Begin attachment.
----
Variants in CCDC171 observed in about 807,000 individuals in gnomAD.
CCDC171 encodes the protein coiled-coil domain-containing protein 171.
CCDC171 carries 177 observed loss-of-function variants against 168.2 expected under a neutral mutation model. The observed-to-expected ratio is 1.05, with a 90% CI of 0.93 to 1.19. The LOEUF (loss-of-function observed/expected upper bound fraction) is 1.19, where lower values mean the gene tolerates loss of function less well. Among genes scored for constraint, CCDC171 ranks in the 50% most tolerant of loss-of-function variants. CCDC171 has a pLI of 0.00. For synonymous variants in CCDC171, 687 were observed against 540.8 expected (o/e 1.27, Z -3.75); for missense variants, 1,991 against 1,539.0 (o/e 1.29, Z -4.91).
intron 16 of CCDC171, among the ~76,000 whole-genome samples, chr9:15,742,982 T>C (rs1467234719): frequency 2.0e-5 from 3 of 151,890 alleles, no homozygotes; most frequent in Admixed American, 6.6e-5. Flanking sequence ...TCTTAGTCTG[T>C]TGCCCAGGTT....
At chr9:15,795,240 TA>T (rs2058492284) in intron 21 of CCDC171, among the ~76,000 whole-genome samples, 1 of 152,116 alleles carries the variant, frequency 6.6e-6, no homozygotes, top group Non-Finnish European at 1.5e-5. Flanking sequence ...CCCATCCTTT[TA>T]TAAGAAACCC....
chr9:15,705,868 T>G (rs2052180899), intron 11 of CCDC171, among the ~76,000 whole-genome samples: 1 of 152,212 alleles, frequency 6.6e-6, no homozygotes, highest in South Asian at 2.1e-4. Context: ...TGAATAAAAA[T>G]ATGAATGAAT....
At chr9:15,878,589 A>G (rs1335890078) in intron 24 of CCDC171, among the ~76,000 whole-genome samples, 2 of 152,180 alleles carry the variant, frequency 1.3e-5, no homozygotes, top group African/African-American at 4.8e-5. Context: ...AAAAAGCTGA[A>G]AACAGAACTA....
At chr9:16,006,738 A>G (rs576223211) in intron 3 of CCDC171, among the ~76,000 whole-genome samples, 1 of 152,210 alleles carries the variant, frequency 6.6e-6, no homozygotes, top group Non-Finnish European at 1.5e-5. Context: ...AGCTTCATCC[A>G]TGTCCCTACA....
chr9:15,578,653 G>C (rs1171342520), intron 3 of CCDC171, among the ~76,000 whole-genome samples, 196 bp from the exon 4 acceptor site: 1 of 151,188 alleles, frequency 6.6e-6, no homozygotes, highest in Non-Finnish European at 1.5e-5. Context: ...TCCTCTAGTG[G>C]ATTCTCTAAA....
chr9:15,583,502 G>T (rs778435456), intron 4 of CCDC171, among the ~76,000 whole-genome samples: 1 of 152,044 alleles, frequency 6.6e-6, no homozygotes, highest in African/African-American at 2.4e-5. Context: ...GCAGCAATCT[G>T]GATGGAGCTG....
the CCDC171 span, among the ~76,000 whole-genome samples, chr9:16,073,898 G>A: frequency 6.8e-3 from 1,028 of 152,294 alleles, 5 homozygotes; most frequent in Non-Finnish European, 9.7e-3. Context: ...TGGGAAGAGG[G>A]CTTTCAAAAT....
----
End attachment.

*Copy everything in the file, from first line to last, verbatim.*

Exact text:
Variants in CCDC171 observed in about 807,000 individuals in gnomAD.
CCDC171 encodes the protein coiled-coil domain-containing protein 171.
CCDC171 carries 177 observed loss-of-function variants against 168.2 expected under a neutral mutation model. The observed-to-expected ratio is 1.05, with a 90% CI of 0.93 to 1.19. The LOEUF (loss-of-function observed/expected upper bound fraction) is 1.19, where lower values mean the gene tolerates loss of function less well. Among genes scored for constraint, CCDC171 ranks in the 50% most tolerant of loss-of-function variants. CCDC171 has a pLI of 0.00. For synonymous variants in CCDC171, 687 were observed against 540.8 expected (o/e 1.27, Z -3.75); for missense variants, 1,991 against 1,539.0 (o/e 1.29, Z -4.91).
intron 16 of CCDC171, among the ~76,000 whole-genome samples, chr9:15,742,982 T>C (rs1467234719): frequency 2.0e-5 from 3 of 151,890 alleles, no homozygotes; most frequent in Admixed American, 6.6e-5. Flanking sequence ...TCTTAGTCTG[T>C]TGCCCAGGTT....
At chr9:15,795,240 TA>T (rs2058492284) in intron 21 of CCDC171, among the ~76,000 whole-genome samples, 1 of 152,116 alleles carries the variant, frequency 6.6e-6, no homozygotes, top group Non-Finnish European at 1.5e-5. Flanking sequence ...CCCATCCTTT[TA>T]TAAGAAACCC....
chr9:15,705,868 T>G (rs2052180899), intron 11 of CCDC171, among the ~76,000 whole-genome samples: 1 of 152,212 alleles, frequency 6.6e-6, no homozygotes, highest in South Asian at 2.1e-4. Context: ...TGAATAAAAA[T>G]ATGAATGAAT....
At chr9:15,878,589 A>G (rs1335890078) in intron 24 of CCDC171, among the ~76,000 whole-genome samples, 2 of 152,180 alleles carry the variant, frequency 1.3e-5, no homozygotes, top group African/African-American at 4.8e-5. Context: ...AAAAAGCTGA[A>G]AACAGAACTA....
At chr9:16,006,738 A>G (rs576223211) in intron 3 of CCDC171, among the ~76,000 whole-genome samples, 1 of 152,210 alleles carries the variant, frequency 6.6e-6, no homozygotes, top group Non-Finnish European at 1.5e-5. Context: ...AGCTTCATCC[A>G]TGTCCCTACA....
chr9:15,578,653 G>C (rs1171342520), intron 3 of CCDC171, among the ~76,000 whole-genome samples, 196 bp from the exon 4 acceptor site: 1 of 151,188 alleles, frequency 6.6e-6, no homozygotes, highest in Non-Finnish European at 1.5e-5. Context: ...TCCTCTAGTG[G>C]ATTCTCTAAA....
chr9:15,583,502 G>T (rs778435456), intron 4 of CCDC171, among the ~76,000 whole-genome samples: 1 of 152,044 alleles, frequency 6.6e-6, no homozygotes, highest in African/African-American at 2.4e-5. Context: ...GCAGCAATCT[G>T]GATGGAGCTG....
the CCDC171 span, among the ~76,000 whole-genome samples, chr9:16,073,898 G>A: frequency 6.8e-3 from 1,028 of 152,294 alleles, 5 homozygotes; most frequent in Non-Finnish European, 9.7e-3. Context: ...TGGGAAGAGG[G>A]CTTTCAAAAT....